So, home-schooling is back again and the wife is working from the front room again albeit a couple of days a week now, the broadband service is being its temperamental self, it’s been hard going yet again.  My free days are taken up considering with how the day’s weather will be (mostly is shockingly bad) and can I go for a quick couple of hours.  I’ve only managed to get out 3 times since before Christmas and we are now heading into February!

I shouldn’t complain really considering the situation the NHS is in and how bad other people’s situations are.  But it’s my mental health that affects me and that’s where my focus needs to be right now and keeping away from the possibility of picking up this evil virus.

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I’m for ever hopefully that something may change by mid-February, in some shape or form, to help everyone start feeling that we are getting somewhere and that the end is insight and we can get out the other side.  I’m sure things will never be the same, but we can adjust and adapt to changing times, move on and get back to work, school and be back on the banks.  This is in a purely selfish way for myself to think, but that is how I keep my mental health under check and I’m sure many others will feel the same.  The thought of getting out on the bank again, will bring a lot of normality back into their lives and help them deal with the future much better.

Until next time

Stay safe.

Richard

About richardhandel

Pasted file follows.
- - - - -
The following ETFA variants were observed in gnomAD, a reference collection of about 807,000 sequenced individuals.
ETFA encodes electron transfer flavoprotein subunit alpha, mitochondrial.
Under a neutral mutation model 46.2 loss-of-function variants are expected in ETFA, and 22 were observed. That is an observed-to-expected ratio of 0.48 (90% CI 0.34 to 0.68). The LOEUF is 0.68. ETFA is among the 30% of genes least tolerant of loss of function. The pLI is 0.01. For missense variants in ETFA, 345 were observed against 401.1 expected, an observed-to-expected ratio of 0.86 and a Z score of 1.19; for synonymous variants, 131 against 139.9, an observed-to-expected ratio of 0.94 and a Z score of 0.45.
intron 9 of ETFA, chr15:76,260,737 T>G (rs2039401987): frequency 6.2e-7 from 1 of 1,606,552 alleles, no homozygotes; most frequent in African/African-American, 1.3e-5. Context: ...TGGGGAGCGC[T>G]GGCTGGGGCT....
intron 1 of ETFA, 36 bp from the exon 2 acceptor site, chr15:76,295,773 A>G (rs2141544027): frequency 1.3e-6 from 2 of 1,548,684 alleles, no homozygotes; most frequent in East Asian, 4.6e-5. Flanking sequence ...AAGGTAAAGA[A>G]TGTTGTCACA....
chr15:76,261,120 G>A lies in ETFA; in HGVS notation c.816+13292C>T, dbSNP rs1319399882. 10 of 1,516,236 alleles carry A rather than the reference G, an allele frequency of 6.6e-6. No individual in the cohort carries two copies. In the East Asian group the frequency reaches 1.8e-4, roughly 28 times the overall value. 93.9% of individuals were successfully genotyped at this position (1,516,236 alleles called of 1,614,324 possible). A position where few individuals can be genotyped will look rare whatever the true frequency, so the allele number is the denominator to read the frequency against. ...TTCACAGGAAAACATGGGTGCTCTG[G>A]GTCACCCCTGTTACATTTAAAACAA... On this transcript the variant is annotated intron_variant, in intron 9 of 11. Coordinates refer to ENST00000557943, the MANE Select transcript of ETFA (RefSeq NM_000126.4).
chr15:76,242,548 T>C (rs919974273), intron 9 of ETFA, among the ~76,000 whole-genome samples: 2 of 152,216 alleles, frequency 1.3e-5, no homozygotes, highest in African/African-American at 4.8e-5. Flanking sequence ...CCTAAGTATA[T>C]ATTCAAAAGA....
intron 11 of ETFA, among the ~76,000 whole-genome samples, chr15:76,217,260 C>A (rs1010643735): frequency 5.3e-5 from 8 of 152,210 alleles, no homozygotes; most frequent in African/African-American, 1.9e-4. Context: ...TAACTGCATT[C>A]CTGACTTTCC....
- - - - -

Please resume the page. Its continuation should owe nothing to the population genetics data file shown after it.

I would like to give a brief snap shot of my life and introduce myself; My name is Richard Handel and was born in 1965 in Suffolk. I have worked as a UK Operation & Intermodule Manager for a shipping company. I live in Hampshire now and am married with 2 young children, both girls so I am a bit outnumbered even the cat is a girl! I have been fishing since I was about 7 years old. I started on small local rivers in Suffolk, then moved onto gravel pits and then carp fishing. My personal best is a 39.08 mirror, over recent years I have started river fishing again, on the Hampshire Avon, this is a nice break from the carp lakes. My life has turned a big corner this year, the company I was working for relocated their Operation centre to Estonia. I was offered a job at the head office in London. This would have meant a 5 day commute and working in Stratford. As a family, we did not fancy this, as I would hardly spend any time with the children (and the Mrs). So after 22.5 years, I was given a nice redundancy package and with my wife is working full time. I became the house husband. This has meant a complete turn around in my fishing, as I can pick and choose when I go. I have found a splendid new syndicate to fish this year, which includes 5 lakes and some 8 miles of river with only 150 members. It's an amazing change to the way I am able to fish. I am now trying to start my own tackle business and make a bit of a name for myself in the world of fishing, as I have retired from real work. Richard